The Biography of a Building

The Biography of a Building


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Product Details

ISBN-13: 9780500342763
Publisher: Thames & Hudson
Publication date: 10/24/2011
Pages: 208
Product dimensions: 6.28(w) x 9.24(h) x 1.10(d)

About the Author

Witold Rybczynski was born in Edinburgh, raised in London, and attended schools in England and Canada. He studied architecture at McGill University, where he also taught for twenty years. He is currently the Martin and Margy Meyerson Professor of Urbanism at the University of Pennsylvania.

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The Biography of a Building 4.5 out of 5 based on 0 ratings. 2 reviews.
the.ken.petersen on LibraryThing 30 days ago
One of the things I love most about collecting books is when one comes across a work which shouldn't interest one at all, but does. This, for me, is one of those books.I have but a passing interest in architecture and the only reason that this tome drew my attention was because the Sainsbury Centre is the nearest gallery to my East Anglian home. I have visited the Centre, although not as often as I should. One of the signs of the success of Mr Rybcyznski's book is that I have determined to go again, very soon and, when I do, I shall view the experience through more educated eyes .To the non-architectural type (me), it is sometimes difficult to understand why a building developed in the way that it did. This book covers the earliest concepts up to the finished entity and deals honestly with what was successful and what needed to be adjusted later. I was particularly interested in the story as to how the double skin approach came about as a very late development, and was almost vetoed on the grounds of being too late. One thinks of a building being designed to the nth degree and this, almost living, growth was something that I did not expect.If I were to criticise the work, I would suggest that a thick pamphlet may have sufficed. The pages are thick, the script large and the incidental details drawn out perhaps just a little too far. One does occasionally feel that a story is there to fill the pages. There is, however, a fascinating story in the book; I found that I became caught up in the alterations and extensions that were added over the years. These were all performed by Norman Foster, the original architect, and so, fit seamlessly onto the original. Norman Foster is one of (if not the) greatest British Architect of the twentieth century and this book would be a must for anyone interested in his work. One gets to read his reasoning on the design in a way that must be quite rare. I would also presume that anybody interested in museum and gallery design would need to obtain a copy of this book but, if none of the above applies to you, but you like to be taken into unexpected areas of discovery, then this is a well written work with much to recommend it.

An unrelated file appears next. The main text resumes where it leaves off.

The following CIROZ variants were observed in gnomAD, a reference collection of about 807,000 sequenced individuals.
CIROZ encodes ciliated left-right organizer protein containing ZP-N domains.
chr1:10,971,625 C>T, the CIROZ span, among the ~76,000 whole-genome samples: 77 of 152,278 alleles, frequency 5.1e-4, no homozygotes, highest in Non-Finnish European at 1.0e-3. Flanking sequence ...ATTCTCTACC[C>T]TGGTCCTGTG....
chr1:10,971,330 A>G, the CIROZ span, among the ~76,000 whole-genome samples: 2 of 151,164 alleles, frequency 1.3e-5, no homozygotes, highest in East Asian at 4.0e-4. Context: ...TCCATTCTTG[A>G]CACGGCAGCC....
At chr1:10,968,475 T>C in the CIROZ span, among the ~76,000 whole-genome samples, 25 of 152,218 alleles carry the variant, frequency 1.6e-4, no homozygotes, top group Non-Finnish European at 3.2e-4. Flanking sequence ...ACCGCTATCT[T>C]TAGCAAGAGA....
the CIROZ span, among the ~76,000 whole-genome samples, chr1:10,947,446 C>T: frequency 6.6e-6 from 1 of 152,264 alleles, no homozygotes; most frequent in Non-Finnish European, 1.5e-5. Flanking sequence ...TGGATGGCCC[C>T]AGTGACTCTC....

Stromata on LibraryThing 30 days ago
I was very excited to receive this book as I have very much enjoyed other work by Witold Rybczynski, particularly `The Perfect House¿ an account of his journey around the villas of Palladio. The subject of `The Biography of a Building¿ is the Sainsbury Centre of Visual Arts at the University of East Anglia on the edge of Norwich in Norfolk, built to house the works of art acquired by Robert and Lisa Sainsbury. Rybczynski tells the fascinating story of how this wonderful project was conceived, nurtured and delivered - just how does an extremely large but deeply personal collection of art kept in a domestic setting become a `Collection¿ on public display in an academic environment? Robert and Lisa Sainsbury prove to be remarkable people, firstly for wishing to share their `treasures¿; for funding the project and, perhaps most importantly, for choosing a young architect right at the beginning of his career ¿ Norman Foster. Indeed the client/architect relationship was so successful that Foster was called upon years later to provide an extension to the Sainsbury Centre ¿ a pretty unique appointment.The author also skilfully explores the nature of collections and collecting as well as the function and purpose of galleries and museums. After reading this book you will never enter an art gallery without asking yourself `how did all this get here¿? The relationship between architect and client in general is also intelligently explored. A book that would interest many ¿ extremely well written, a scholarly yet an absorbing, `easy¿ read. I envisage taking this down from the bookshelf and re reading many times. It is (in its hardback form) an extremely pleasing book to handle with a cool grey jacket with architectural drawings of the Sainsbury Centre and lovely thick pages ¿ a real `keeper¿. Very highly recommended.